Beantown or Bust

The 19th annual International Retail Design Conference heads east, setting up its three-day confab in one of the oldest cities in the U.S.
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Posted September 10, 2019

Boston is a city rich in history. Founded in 1630 by English Puritans, the Massachusetts capital situated near the Atlantic Ocean played a key role in the American Revolutionary War. As such, historic sites abound, including the Old South Meeting House, the sprawling 50-acre Boston Common park, the historic marketplace turned modern day shopping center Faneuil Hall, as well as the home of Paul Revere. During VMSD’s 2019 International Retail Design Conference (IRDC), Sept. 30 – Oct. 2, be sure to take in all of that history along with the city’s more contemporary side, where luxury retail, lively restaurants and pop-up shops (including pop-up beer gardens!) prevail. 

REVOLUTIONARY SPIRIT

One way to get your history fix is via The Freedom Trail, a 2.5-mile path that winds its way through downtown Boston to 16 historically significant landmarks, ranging from the site of the 1770 Boston Massacre to a monument dedicated to the Battle of Bunker Hill (the first major battle of the Revolutionary War). For an old-meets-new pit stop, pay a visit to Faneuil Hall Marketplace, a cobblestone-lined space built in 1743 as a meeting hall and market – it’s where the colonists rallied around talks of independence from Great Britain – that’s now home to more than 70 retailers such as Coach, Uniqlo and Sephora, as well as a mix of eats from local food merchants in the Quincy Market Food Colonnade.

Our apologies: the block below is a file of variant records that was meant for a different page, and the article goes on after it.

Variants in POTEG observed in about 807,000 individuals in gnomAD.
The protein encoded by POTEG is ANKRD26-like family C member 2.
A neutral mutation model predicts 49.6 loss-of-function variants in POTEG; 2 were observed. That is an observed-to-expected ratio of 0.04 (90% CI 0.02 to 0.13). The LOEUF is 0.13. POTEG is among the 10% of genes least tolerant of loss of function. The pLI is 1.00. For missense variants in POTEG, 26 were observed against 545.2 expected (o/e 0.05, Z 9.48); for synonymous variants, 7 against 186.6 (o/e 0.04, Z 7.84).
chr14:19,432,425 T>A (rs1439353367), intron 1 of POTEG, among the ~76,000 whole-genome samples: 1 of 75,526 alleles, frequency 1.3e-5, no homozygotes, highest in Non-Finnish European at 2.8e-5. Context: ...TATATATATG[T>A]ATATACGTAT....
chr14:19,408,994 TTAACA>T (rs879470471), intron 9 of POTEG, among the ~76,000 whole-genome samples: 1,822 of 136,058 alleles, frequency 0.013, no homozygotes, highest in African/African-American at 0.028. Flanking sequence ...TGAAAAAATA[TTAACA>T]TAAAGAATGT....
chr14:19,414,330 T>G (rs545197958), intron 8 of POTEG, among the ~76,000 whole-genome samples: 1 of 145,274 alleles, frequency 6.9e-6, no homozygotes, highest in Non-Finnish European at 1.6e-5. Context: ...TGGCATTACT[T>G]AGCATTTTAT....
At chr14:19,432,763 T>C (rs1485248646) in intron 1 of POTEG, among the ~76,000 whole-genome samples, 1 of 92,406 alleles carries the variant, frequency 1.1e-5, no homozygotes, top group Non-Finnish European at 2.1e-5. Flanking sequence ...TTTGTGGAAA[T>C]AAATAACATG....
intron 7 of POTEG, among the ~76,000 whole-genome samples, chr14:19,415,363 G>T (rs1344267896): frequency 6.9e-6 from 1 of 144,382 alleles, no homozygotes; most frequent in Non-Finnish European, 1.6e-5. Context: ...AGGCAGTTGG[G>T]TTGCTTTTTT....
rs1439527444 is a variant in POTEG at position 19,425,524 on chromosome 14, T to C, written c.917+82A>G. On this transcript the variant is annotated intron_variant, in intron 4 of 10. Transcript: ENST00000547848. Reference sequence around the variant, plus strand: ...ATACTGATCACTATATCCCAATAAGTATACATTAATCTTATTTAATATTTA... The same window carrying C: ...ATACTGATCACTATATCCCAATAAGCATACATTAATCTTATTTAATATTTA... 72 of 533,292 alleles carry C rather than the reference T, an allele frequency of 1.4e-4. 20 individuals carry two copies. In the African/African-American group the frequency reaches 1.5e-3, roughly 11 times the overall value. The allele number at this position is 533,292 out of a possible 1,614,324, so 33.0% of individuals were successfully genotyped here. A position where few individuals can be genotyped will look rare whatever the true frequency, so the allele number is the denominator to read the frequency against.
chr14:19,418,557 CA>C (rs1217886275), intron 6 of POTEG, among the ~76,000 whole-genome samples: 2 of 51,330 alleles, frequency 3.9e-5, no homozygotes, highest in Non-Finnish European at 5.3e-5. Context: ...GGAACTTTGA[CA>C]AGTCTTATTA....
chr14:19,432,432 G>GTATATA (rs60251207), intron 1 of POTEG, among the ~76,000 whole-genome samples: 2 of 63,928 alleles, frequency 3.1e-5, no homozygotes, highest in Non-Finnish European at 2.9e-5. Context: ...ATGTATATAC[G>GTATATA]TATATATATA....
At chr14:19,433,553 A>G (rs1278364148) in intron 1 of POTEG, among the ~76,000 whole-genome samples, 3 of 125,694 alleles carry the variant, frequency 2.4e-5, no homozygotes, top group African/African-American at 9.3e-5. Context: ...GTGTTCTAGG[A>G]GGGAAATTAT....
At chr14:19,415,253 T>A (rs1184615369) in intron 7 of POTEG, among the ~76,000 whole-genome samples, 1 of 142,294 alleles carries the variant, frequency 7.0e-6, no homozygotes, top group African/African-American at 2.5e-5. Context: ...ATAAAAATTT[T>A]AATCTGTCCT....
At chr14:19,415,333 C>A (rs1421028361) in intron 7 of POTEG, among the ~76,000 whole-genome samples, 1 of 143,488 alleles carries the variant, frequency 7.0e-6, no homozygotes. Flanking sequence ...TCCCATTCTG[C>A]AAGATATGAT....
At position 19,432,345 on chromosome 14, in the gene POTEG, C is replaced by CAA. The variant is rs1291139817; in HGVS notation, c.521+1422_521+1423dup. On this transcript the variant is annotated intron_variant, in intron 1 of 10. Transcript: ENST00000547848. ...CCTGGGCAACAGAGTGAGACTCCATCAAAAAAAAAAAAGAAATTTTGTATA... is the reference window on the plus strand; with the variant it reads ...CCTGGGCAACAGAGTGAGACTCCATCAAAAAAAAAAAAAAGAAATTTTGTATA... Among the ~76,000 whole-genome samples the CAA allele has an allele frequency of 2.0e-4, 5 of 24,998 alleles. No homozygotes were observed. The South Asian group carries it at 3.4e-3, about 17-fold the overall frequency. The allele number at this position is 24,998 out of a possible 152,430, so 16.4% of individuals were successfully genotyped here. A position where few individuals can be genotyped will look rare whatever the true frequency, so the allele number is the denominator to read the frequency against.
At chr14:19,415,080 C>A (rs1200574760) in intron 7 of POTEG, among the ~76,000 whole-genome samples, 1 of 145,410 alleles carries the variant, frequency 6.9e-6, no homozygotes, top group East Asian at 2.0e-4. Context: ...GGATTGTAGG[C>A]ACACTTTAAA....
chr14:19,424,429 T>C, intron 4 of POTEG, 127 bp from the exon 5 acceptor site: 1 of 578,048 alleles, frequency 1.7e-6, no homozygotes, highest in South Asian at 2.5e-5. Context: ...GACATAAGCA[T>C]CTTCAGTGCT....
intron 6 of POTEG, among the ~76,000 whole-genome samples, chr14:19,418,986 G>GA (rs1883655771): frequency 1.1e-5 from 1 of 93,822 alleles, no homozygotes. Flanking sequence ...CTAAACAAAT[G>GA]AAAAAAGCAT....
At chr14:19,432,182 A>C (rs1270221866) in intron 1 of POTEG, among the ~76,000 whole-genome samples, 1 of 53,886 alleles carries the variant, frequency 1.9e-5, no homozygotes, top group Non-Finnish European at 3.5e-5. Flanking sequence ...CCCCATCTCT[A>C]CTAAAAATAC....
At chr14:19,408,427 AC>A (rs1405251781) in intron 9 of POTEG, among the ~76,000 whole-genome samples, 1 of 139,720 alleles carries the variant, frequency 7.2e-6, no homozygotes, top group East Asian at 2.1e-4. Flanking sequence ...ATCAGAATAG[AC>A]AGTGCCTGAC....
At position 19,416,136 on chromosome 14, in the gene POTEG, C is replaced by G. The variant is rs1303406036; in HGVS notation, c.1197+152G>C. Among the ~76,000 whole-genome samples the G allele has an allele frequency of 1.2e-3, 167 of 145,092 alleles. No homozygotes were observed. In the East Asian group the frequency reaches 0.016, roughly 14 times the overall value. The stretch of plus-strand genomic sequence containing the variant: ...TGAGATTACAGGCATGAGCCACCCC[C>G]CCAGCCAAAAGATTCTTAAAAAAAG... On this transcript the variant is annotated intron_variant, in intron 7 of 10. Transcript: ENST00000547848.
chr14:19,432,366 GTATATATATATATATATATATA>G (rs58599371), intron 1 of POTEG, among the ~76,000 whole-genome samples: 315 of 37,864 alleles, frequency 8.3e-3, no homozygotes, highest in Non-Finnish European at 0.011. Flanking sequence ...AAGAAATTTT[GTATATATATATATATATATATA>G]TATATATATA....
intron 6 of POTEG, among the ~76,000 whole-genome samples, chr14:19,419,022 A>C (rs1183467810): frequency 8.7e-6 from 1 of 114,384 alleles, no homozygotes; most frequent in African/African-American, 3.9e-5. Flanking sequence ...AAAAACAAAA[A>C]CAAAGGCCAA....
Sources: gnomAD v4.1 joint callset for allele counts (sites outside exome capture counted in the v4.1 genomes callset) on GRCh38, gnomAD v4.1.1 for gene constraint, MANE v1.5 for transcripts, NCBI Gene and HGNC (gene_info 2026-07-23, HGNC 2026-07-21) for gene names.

A short cab ride from IRDC home base at The Westin Copley Place is the tony Beacon Hill neighborhood, “one of the oldest and most quintessential,” in Boston, notes Eric Kuhn, Design Practice Leader and Associate at Boston-based design firm Bergmeyer. He suggests exploring the local boutiques and cafés along Charles Street, marveling at the storied homes surrounding Louisburg Square and stopping to Instagram the very narrow, one-block-long Acorn Street, rumored to be the most photographed street in the city. If you’re in a nostalgic mood, the pub that inspired the 1980s sitcom “Cheers” is located in this district.

Alene Bouranova, Associate Managing Editor, Boston Magazine, describes Boston as “a brownstone jungle marked by history, a passionate populace; and [it has] really good craft beer.” Its manageable size, she says, is one of the city's best qualities, “Boston has a surprising amount of ‘chill’ for a city that ostensibly has ‘zero chill’ at all. (Again, green spaces and beaches!) Because it’s small, it’s accessible, which means it’s easy to tap into its energy even if you’re here for a short while.” 

SEE THE SEA

“The Seaport district is the city’s fastest growing and most vibrant neighborhood that was a sea of parking lots just five years ago,” Kuhn says. The redeveloped waterfront locale, one of the stops on our self-guided Inspiration Tours, now brims with mixed-use office buildings (pet e-retailer Chewy.com and Boston-based athletic apparel retailer Reebok have headquarters here), luxury condos, shops such as Warby Parker and Bonobos and art spaces galore, including the glass-clad Institute of Contemporary Art. The Back Bay area, also a self-guided Inspiration Tour destination, includes Copley Square, the Boston Public Library and the Victorian brownstone-lined retail haven, Newbury Street, where you can find everything from Valentino and Cartier to Zara and women’s apparel showroom MM.LaFleur.

Boston’s walkable nature, its commitment to the arts, science and technology, and especially its historic charm, are all elements that Kuhn feels make it such a great city. “[There are] many remaining neighborhoods and buildings that tell the story of the American Revolution.”